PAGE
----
Government Announces: Developers Facing the Bill for Cladding Removal

On 10th January 2022, Michael Gove – acting as the Secretary of State for Levelling Up, Housing and Communities – announced that the UK government must reach a ‘new deal with industry’ by March 2022 in how to solve the cladding ‘crisis.’ If developers do not put forward a fully-funded plan, estimated to require 4 billion GBP, the government will seek legal ways to force a resolution. In the wake of the announcement, shares in the FTSE 350 Construction & Building Materials index are down 7% on the 31st January 2022 from a peak on the 4th of that month, although this coincides with cooling house sales.

After the Grenfell tragedy, which led to at least 74 deaths, it was realised that hundreds of thousands of flats in the UK were covered in a type of cladding made from aluminium composite material with a highly flammable polyethene or polyurethane core. This cladding means fire can quickly spread up around the outside of the building. This has since been outlawed on buildings over 18 metres in height. Properties with the cladding were obliged to remove it, however, there has been controversy over who should pay: developers, cladding manufacturers, leaseholders, or the government. For buildings over 18 metres the government has already committed 5 billion GBP, including 2 billion GBP from a new residential construction tax.

In January 2020, the government advised that buildings between 11 and 18 metres should also be assessed for fire safety. These were not covered by the original funding. Thousands of new leaseholders, that is people who own their flat on very long-term lease from the freeholder of the building, had to pay for cladding to be removed themselves if their building was assessed to be a fire risk. The UK government estimated the cost to remove the cladding to be over 9,000 GBP per household affected, but a poll by Inside Housing of affected leaseholders found the figure to be between 30,000 GBP and 50,000 GBP when including other required fire proofing renovations. On top of this, until the cladding is removed leaseholders face fire safety assessment costs, higher insurance costs, difficulty selling their flats (mortgage providers do not lend to flats considered a fire risk), and potentially paying for a 24-hour fire watch. Together these financial strains could bring many households to bankruptcy, the Inside Housing poll found 17.2% were exploring bankruptcy options.

Financial institutions also are exposed to risk.  In November 2021 the Prudential Regulation Authority of the Bank of England stated that they were worried if households had to face the costs from cladding, which appear to be higher than the government expected, there may be a wave of defaults on mortgages. It recommended audits of lenders such as Lloyds and Nationwide to investigate out how much capital could be at risk.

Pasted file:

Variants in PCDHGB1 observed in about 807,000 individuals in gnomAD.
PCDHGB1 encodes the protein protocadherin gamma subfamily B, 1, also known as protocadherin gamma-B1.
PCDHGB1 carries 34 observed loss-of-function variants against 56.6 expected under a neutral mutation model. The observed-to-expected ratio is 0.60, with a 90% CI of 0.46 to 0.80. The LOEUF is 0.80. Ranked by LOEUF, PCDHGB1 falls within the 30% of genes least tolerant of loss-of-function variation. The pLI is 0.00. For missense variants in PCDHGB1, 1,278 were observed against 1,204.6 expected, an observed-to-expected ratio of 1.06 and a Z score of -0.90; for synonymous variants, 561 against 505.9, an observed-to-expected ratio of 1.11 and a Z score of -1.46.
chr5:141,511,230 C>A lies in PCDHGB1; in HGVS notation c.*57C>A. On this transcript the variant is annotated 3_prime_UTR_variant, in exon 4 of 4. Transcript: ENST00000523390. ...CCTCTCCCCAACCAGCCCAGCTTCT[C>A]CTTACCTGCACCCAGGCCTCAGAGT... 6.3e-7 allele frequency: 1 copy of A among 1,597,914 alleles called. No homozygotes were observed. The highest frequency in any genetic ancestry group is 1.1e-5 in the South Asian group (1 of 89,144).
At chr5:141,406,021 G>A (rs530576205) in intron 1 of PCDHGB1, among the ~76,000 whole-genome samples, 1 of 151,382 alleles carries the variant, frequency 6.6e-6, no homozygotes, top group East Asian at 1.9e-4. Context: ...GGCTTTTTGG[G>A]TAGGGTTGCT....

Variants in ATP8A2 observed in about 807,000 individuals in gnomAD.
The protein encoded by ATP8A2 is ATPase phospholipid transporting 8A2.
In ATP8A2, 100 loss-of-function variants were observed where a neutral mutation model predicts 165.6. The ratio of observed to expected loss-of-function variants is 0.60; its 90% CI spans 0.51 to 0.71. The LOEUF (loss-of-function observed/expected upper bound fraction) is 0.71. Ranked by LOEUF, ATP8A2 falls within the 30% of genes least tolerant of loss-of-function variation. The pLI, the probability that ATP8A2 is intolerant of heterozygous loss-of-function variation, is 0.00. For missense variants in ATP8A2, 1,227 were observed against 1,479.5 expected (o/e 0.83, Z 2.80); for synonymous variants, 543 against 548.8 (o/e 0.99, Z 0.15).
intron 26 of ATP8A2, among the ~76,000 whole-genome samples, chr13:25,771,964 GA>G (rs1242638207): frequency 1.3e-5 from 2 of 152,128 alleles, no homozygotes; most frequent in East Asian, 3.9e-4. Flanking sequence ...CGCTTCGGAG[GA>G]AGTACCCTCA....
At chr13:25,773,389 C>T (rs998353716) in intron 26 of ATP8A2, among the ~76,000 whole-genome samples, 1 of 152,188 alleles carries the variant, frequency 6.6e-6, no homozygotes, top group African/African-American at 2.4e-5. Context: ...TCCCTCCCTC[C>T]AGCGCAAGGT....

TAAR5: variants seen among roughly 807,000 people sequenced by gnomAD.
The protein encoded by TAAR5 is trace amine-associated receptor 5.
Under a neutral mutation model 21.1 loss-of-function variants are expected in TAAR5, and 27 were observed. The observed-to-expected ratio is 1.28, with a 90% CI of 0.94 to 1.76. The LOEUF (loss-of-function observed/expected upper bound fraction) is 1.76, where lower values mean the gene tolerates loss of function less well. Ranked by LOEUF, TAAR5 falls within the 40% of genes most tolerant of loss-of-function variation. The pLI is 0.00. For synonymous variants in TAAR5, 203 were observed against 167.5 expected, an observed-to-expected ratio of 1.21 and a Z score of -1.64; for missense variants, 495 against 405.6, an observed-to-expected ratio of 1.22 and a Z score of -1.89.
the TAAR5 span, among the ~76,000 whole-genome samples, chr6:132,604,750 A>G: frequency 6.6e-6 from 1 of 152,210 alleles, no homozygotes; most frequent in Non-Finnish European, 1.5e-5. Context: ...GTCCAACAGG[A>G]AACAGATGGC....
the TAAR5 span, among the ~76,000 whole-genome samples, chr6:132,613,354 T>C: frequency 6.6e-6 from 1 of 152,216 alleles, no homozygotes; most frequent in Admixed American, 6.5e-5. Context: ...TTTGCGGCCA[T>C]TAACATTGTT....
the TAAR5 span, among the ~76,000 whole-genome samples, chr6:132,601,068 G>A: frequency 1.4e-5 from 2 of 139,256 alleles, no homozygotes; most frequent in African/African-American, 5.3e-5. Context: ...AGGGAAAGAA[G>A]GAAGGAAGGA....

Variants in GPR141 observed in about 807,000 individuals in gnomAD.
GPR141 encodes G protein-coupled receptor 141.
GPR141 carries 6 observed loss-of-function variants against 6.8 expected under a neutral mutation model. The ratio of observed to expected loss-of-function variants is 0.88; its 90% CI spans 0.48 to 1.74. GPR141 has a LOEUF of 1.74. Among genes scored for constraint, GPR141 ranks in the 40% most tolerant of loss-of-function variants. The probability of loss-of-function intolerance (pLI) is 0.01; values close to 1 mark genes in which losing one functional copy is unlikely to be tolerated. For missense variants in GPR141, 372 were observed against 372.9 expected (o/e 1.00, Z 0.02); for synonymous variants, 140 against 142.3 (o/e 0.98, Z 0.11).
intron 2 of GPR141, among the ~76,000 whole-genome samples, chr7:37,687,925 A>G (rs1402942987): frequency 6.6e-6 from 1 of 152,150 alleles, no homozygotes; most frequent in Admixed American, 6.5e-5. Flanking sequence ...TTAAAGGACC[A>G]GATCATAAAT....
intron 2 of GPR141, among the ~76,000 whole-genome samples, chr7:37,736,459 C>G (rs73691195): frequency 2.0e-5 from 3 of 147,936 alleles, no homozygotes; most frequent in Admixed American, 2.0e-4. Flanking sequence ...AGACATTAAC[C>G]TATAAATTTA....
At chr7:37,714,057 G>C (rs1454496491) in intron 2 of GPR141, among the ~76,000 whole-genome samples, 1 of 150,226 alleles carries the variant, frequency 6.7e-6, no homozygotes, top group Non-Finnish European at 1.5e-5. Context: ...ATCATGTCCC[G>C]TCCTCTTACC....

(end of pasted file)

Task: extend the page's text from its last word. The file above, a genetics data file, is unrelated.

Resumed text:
The new government policy – a U-turn from the previous promise leaseholders would pay no more than 50 GBP per month – attempts to protect leaseholders in smaller buildings, where the necessary repairs are not currently funded. The government itself, however, has not committed any new money. Instead, they hope funding is to come from an agreement with firms, specifically ‘housebuilders and developer trade bodies’ with profits over 10 million GBP, although other firms will also be consulted later. Michael Gove has stated that if firms do not come to an agreement, legal measures will be taken against them – such as restricting their ability to do business in the UK, removing access to government schemes, or threatening the industry with further taxation.

Getting developers to agree to pay is unlikely to be easy. Mathew Pratt, Redrow plc Chief Executive, whose company lost 13% of its share price in January 2022, accused the government of going after an ‘easy target.’ The Financial Times reported another CEO saying the plan would ‘end up in the courts.’ Sue Ryan, a partner at Gowling WLG, echoed this concern, stating that in developers the government has targeted for buildings taller than 18 metres, ‘their insurers are fighting everything tooth and nail.’

Representatives of affected leaseholders have written to Norges Bank Investment Management (NBIM) which they hope could threaten to withdraw funds if firms will not pay for repairs. NBIM has not commented on the open letter. Pressure groups have successfully got the Mercedes-AMG Petronas Formula One team to revoke a sponsorship deal from cladding manufacturer Kingspan Group.

If funding is secured, it would mark a practicable way to remove the flammable cladding, approximately 4 years after the horrors of the Grenfell Tower fire. However, the implementation of such funding will prolong an ultimate solution for years to come. The government admits this policy is not a total solution to the crisis for the 1,700 unsafely clad apartment buildings across the UK. 

Analyst: James Miller

Sector Head: Charlotte Snell